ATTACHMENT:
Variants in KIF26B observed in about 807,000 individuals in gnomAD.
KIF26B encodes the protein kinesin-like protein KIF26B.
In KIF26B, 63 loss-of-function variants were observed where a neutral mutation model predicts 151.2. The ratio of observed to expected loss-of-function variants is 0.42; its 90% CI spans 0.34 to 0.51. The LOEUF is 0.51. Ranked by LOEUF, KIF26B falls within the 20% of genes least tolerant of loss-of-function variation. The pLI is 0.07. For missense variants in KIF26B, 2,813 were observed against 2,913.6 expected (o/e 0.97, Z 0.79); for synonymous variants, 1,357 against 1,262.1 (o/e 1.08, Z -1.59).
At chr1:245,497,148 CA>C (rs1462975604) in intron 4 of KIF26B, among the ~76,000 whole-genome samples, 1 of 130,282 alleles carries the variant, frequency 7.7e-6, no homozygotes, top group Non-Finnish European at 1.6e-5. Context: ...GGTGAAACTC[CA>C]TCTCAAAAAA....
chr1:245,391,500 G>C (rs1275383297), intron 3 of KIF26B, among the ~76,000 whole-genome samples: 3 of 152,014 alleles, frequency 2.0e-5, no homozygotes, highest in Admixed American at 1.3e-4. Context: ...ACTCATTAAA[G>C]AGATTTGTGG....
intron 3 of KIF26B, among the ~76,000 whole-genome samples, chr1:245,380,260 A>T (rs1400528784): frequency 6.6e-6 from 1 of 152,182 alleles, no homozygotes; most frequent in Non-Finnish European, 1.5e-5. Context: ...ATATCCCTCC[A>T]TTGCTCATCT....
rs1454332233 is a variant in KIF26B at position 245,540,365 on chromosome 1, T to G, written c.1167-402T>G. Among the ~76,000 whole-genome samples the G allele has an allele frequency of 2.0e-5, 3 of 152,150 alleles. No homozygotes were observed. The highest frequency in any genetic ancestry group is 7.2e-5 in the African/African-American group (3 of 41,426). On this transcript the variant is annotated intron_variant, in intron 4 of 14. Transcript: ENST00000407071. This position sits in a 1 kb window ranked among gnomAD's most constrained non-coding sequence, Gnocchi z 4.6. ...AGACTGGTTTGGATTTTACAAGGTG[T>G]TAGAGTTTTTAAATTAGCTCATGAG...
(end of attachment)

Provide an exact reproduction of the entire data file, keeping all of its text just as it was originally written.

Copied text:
Variants in KIF26B observed in about 807,000 individuals in gnomAD.
KIF26B encodes the protein kinesin-like protein KIF26B.
In KIF26B, 63 loss-of-function variants were observed where a neutral mutation model predicts 151.2. The ratio of observed to expected loss-of-function variants is 0.42; its 90% CI spans 0.34 to 0.51. The LOEUF is 0.51. Ranked by LOEUF, KIF26B falls within the 20% of genes least tolerant of loss-of-function variation. The pLI is 0.07. For missense variants in KIF26B, 2,813 were observed against 2,913.6 expected (o/e 0.97, Z 0.79); for synonymous variants, 1,357 against 1,262.1 (o/e 1.08, Z -1.59).
At chr1:245,497,148 CA>C (rs1462975604) in intron 4 of KIF26B, among the ~76,000 whole-genome samples, 1 of 130,282 alleles carries the variant, frequency 7.7e-6, no homozygotes, top group Non-Finnish European at 1.6e-5. Context: ...GGTGAAACTC[CA>C]TCTCAAAAAA....
chr1:245,391,500 G>C (rs1275383297), intron 3 of KIF26B, among the ~76,000 whole-genome samples: 3 of 152,014 alleles, frequency 2.0e-5, no homozygotes, highest in Admixed American at 1.3e-4. Context: ...ACTCATTAAA[G>C]AGATTTGTGG....
intron 3 of KIF26B, among the ~76,000 whole-genome samples, chr1:245,380,260 A>T (rs1400528784): frequency 6.6e-6 from 1 of 152,182 alleles, no homozygotes; most frequent in Non-Finnish European, 1.5e-5. Context: ...ATATCCCTCC[A>T]TTGCTCATCT....
rs1454332233 is a variant in KIF26B at position 245,540,365 on chromosome 1, T to G, written c.1167-402T>G. Among the ~76,000 whole-genome samples the G allele has an allele frequency of 2.0e-5, 3 of 152,150 alleles. No homozygotes were observed. The highest frequency in any genetic ancestry group is 7.2e-5 in the African/African-American group (3 of 41,426). On this transcript the variant is annotated intron_variant, in intron 4 of 14. Transcript: ENST00000407071. This position sits in a 1 kb window ranked among gnomAD's most constrained non-coding sequence, Gnocchi z 4.6. ...AGACTGGTTTGGATTTTACAAGGTG[T>G]TAGAGTTTTTAAATTAGCTCATGAG...